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Dodgers, Mets need to make moves
Every once in a while a little reminder is in order, lest anyone forget which teams we’re talking about here.
These are the Mets and Dodgers, for crying out loud.
Instead, the Mets and Dodgers — who face each other this weekend at Dodger Stadium (Saturday, MLB on FOX, 4:10 p.m. ET) — are more likely to settle for scraps as they each search for both a starter and reliever.
But Oswalt? Haren? Please.
The Dodgers, in particular, might sniff around on both pitchers, and various reports indicate they are prepared to increase their payroll, if only modestly.
Well, Oswalt or Haren would require more than a modest increase. And the Divorce Court Dodgers, whose $95.3 million Opening Day payroll ranked 11th in the majors, likely will have their hands out again, offering better prospects in exchange for cash from their trading partners.
That was the kind of deal the Dodgers made with the Indians for third baseman Casey Blake at the non-waiver deadline in 2008 — well before Frank and Jamie McCourt embarked upon their messy little split.
That’s right, none of this is exactly new.
Blake proved a worthy pickup, helping the Dodgers to back-to-back appearances in the NLCS. But if the Dodgers had not needed the Indians to cover his salary, perhaps they could have made the deal without including catcher Carlos Santana, who is now emerging as one of the best young hitters in the majors.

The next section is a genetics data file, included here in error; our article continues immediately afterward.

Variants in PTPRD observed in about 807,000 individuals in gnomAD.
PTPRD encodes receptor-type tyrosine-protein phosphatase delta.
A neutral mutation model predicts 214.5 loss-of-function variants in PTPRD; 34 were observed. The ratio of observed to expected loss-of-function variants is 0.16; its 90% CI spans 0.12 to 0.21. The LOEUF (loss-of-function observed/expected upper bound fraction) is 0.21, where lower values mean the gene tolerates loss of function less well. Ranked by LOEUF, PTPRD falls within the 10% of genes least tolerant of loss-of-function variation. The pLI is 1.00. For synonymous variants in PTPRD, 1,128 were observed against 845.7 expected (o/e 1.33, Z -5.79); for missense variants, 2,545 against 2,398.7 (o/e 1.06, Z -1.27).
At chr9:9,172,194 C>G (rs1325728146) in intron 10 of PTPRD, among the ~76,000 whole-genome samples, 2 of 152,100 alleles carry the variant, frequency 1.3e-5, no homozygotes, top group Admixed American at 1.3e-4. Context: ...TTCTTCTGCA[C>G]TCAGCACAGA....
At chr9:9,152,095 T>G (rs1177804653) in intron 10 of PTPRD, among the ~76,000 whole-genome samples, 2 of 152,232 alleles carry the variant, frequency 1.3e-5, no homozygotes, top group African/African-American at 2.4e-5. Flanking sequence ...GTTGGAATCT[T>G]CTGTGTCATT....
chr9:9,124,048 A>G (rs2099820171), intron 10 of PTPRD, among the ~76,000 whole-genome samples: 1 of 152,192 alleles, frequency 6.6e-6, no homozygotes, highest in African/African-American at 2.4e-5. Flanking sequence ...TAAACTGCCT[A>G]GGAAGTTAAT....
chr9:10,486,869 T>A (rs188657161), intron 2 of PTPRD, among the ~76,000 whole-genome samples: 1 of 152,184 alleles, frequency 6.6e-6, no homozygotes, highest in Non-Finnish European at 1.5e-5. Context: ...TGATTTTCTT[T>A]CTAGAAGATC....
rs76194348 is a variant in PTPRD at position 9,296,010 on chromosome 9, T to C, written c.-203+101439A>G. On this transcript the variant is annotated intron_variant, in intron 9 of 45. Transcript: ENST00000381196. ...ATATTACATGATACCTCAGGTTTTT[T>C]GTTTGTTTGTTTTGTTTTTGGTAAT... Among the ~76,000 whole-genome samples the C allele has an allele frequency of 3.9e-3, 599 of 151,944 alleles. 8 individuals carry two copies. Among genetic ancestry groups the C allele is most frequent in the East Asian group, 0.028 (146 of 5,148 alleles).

General manager Ned Colletti has performed admirably under these obvious financial constraints, acquiring not just Blake, but also Manny Ramirez, Greg Maddux, Jim Thome, Ron Belliard and others in mid-season trades the past two years.
Perhaps he can work similar magic to land Oswalt, who is owed approximately $6 million for the rest of the season. The Astros are willing to include cash in the deal for the right players. But the Dodgers’ system is not what it was a few years back; Coletti has precious few players to give.
Frankly, the Dodgers already should have dealt for a pitcher of Oswalt’s caliber; they’ve had numerous chances. Specifically, if their budget had more accurately reflected their revenues, Colletti might have had the prospects and dollars to trade for left-hander Cliff Lee.
Instead, he struck out three times.
The Mets can’t exactly be accused of being cheap, not when their $134.4 Opening Day payroll was the fifth-highest in the majors. Still, their ability to spend was in question last offseason, when free-agent outfielder Jason Bust — er, Bay — was their only major acquisition.
Everyone knew the Mets needed pitching then, but club officials frowned upon the available free-agent solutions — the better, they said, to retain flexibility for future moves.
Well, the time for those moves has come. But Mets GM Omar Minaya, like Colletti, might not know his current financial parameters, major-league sources say.
Such is the parallel between the Mets and Dodgers. The financial positions of both teams are unclear, so they only can be judged by their actions.
Eight days until the non-waiver deadline.
Eight days until the next verdict is in.
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